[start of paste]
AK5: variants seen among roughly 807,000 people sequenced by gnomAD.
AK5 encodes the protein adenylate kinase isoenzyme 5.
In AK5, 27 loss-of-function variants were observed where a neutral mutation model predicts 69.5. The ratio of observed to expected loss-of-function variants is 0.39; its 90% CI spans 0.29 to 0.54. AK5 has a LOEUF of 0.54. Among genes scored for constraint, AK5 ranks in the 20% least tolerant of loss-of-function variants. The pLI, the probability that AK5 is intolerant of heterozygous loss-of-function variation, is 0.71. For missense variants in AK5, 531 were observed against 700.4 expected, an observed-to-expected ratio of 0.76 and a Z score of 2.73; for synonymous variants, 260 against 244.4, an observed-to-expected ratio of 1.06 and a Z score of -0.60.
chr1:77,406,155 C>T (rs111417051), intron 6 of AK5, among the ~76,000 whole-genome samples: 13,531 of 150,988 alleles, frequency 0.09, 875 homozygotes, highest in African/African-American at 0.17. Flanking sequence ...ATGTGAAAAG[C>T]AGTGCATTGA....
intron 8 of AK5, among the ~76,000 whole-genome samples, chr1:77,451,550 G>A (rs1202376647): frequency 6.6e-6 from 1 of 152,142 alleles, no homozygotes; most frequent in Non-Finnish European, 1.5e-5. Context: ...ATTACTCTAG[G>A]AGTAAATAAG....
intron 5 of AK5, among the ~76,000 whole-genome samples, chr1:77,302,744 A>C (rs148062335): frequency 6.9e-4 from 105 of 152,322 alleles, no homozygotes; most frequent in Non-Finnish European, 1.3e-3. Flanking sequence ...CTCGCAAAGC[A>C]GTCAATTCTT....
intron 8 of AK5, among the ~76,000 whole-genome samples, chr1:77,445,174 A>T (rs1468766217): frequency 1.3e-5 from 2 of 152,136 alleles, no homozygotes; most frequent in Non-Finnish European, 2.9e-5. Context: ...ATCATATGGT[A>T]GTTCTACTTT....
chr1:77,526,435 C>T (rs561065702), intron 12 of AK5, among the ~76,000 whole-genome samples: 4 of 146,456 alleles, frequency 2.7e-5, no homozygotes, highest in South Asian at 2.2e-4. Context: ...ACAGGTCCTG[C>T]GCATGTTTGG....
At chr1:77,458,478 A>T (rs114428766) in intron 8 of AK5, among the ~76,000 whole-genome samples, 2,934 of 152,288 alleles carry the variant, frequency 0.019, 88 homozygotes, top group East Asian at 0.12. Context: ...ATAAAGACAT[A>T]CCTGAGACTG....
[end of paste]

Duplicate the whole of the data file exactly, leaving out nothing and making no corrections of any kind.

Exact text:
AK5: variants seen among roughly 807,000 people sequenced by gnomAD.
AK5 encodes the protein adenylate kinase isoenzyme 5.
In AK5, 27 loss-of-function variants were observed where a neutral mutation model predicts 69.5. The ratio of observed to expected loss-of-function variants is 0.39; its 90% CI spans 0.29 to 0.54. AK5 has a LOEUF of 0.54. Among genes scored for constraint, AK5 ranks in the 20% least tolerant of loss-of-function variants. The pLI, the probability that AK5 is intolerant of heterozygous loss-of-function variation, is 0.71. For missense variants in AK5, 531 were observed against 700.4 expected, an observed-to-expected ratio of 0.76 and a Z score of 2.73; for synonymous variants, 260 against 244.4, an observed-to-expected ratio of 1.06 and a Z score of -0.60.
chr1:77,406,155 C>T (rs111417051), intron 6 of AK5, among the ~76,000 whole-genome samples: 13,531 of 150,988 alleles, frequency 0.09, 875 homozygotes, highest in African/African-American at 0.17. Flanking sequence ...ATGTGAAAAG[C>T]AGTGCATTGA....
intron 8 of AK5, among the ~76,000 whole-genome samples, chr1:77,451,550 G>A (rs1202376647): frequency 6.6e-6 from 1 of 152,142 alleles, no homozygotes; most frequent in Non-Finnish European, 1.5e-5. Context: ...ATTACTCTAG[G>A]AGTAAATAAG....
intron 5 of AK5, among the ~76,000 whole-genome samples, chr1:77,302,744 A>C (rs148062335): frequency 6.9e-4 from 105 of 152,322 alleles, no homozygotes; most frequent in Non-Finnish European, 1.3e-3. Flanking sequence ...CTCGCAAAGC[A>C]GTCAATTCTT....
intron 8 of AK5, among the ~76,000 whole-genome samples, chr1:77,445,174 A>T (rs1468766217): frequency 1.3e-5 from 2 of 152,136 alleles, no homozygotes; most frequent in Non-Finnish European, 2.9e-5. Context: ...ATCATATGGT[A>T]GTTCTACTTT....
chr1:77,526,435 C>T (rs561065702), intron 12 of AK5, among the ~76,000 whole-genome samples: 4 of 146,456 alleles, frequency 2.7e-5, no homozygotes, highest in South Asian at 2.2e-4. Context: ...ACAGGTCCTG[C>T]GCATGTTTGG....
At chr1:77,458,478 A>T (rs114428766) in intron 8 of AK5, among the ~76,000 whole-genome samples, 2,934 of 152,288 alleles carry the variant, frequency 0.019, 88 homozygotes, top group East Asian at 0.12. Context: ...ATAAAGACAT[A>T]CCTGAGACTG....